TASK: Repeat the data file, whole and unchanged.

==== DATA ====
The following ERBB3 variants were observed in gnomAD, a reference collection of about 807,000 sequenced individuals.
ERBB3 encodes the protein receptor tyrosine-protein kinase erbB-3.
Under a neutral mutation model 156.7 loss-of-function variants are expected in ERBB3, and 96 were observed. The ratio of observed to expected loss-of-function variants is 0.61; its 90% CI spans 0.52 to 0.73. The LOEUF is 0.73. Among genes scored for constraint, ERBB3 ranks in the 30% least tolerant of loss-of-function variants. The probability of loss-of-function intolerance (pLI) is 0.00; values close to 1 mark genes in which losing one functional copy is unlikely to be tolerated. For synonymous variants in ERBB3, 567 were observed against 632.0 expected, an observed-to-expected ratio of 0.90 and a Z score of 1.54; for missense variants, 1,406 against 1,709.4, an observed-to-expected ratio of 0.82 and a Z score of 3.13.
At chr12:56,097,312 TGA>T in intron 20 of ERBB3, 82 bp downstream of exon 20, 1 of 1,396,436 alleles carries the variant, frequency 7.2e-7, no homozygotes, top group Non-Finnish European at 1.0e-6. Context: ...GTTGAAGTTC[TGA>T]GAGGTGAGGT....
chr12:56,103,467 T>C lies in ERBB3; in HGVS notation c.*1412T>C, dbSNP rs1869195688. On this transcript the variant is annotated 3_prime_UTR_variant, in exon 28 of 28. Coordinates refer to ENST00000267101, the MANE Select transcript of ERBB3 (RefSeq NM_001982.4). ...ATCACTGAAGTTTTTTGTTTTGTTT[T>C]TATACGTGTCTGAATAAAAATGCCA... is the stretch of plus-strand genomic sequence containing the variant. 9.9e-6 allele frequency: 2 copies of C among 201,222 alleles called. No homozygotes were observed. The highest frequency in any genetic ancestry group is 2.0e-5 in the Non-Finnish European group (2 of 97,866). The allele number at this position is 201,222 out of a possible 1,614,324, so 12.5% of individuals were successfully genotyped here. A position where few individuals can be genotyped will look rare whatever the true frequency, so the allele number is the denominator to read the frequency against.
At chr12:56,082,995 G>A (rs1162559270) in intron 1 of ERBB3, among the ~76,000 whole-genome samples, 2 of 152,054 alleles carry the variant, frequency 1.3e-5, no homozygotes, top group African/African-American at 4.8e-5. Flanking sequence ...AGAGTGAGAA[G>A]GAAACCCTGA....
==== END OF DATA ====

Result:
The following ERBB3 variants were observed in gnomAD, a reference collection of about 807,000 sequenced individuals.
ERBB3 encodes the protein receptor tyrosine-protein kinase erbB-3.
Under a neutral mutation model 156.7 loss-of-function variants are expected in ERBB3, and 96 were observed. The ratio of observed to expected loss-of-function variants is 0.61; its 90% CI spans 0.52 to 0.73. The LOEUF is 0.73. Among genes scored for constraint, ERBB3 ranks in the 30% least tolerant of loss-of-function variants. The probability of loss-of-function intolerance (pLI) is 0.00; values close to 1 mark genes in which losing one functional copy is unlikely to be tolerated. For synonymous variants in ERBB3, 567 were observed against 632.0 expected, an observed-to-expected ratio of 0.90 and a Z score of 1.54; for missense variants, 1,406 against 1,709.4, an observed-to-expected ratio of 0.82 and a Z score of 3.13.
At chr12:56,097,312 TGA>T in intron 20 of ERBB3, 82 bp downstream of exon 20, 1 of 1,396,436 alleles carries the variant, frequency 7.2e-7, no homozygotes, top group Non-Finnish European at 1.0e-6. Context: ...GTTGAAGTTC[TGA>T]GAGGTGAGGT....
chr12:56,103,467 T>C lies in ERBB3; in HGVS notation c.*1412T>C, dbSNP rs1869195688. On this transcript the variant is annotated 3_prime_UTR_variant, in exon 28 of 28. Coordinates refer to ENST00000267101, the MANE Select transcript of ERBB3 (RefSeq NM_001982.4). ...ATCACTGAAGTTTTTTGTTTTGTTT[T>C]TATACGTGTCTGAATAAAAATGCCA... is the stretch of plus-strand genomic sequence containing the variant. 9.9e-6 allele frequency: 2 copies of C among 201,222 alleles called. No homozygotes were observed. The highest frequency in any genetic ancestry group is 2.0e-5 in the Non-Finnish European group (2 of 97,866). The allele number at this position is 201,222 out of a possible 1,614,324, so 12.5% of individuals were successfully genotyped here. A position where few individuals can be genotyped will look rare whatever the true frequency, so the allele number is the denominator to read the frequency against.
At chr12:56,082,995 G>A (rs1162559270) in intron 1 of ERBB3, among the ~76,000 whole-genome samples, 2 of 152,054 alleles carry the variant, frequency 1.3e-5, no homozygotes, top group African/African-American at 4.8e-5. Flanking sequence ...AGAGTGAGAA[G>A]GAAACCCTGA....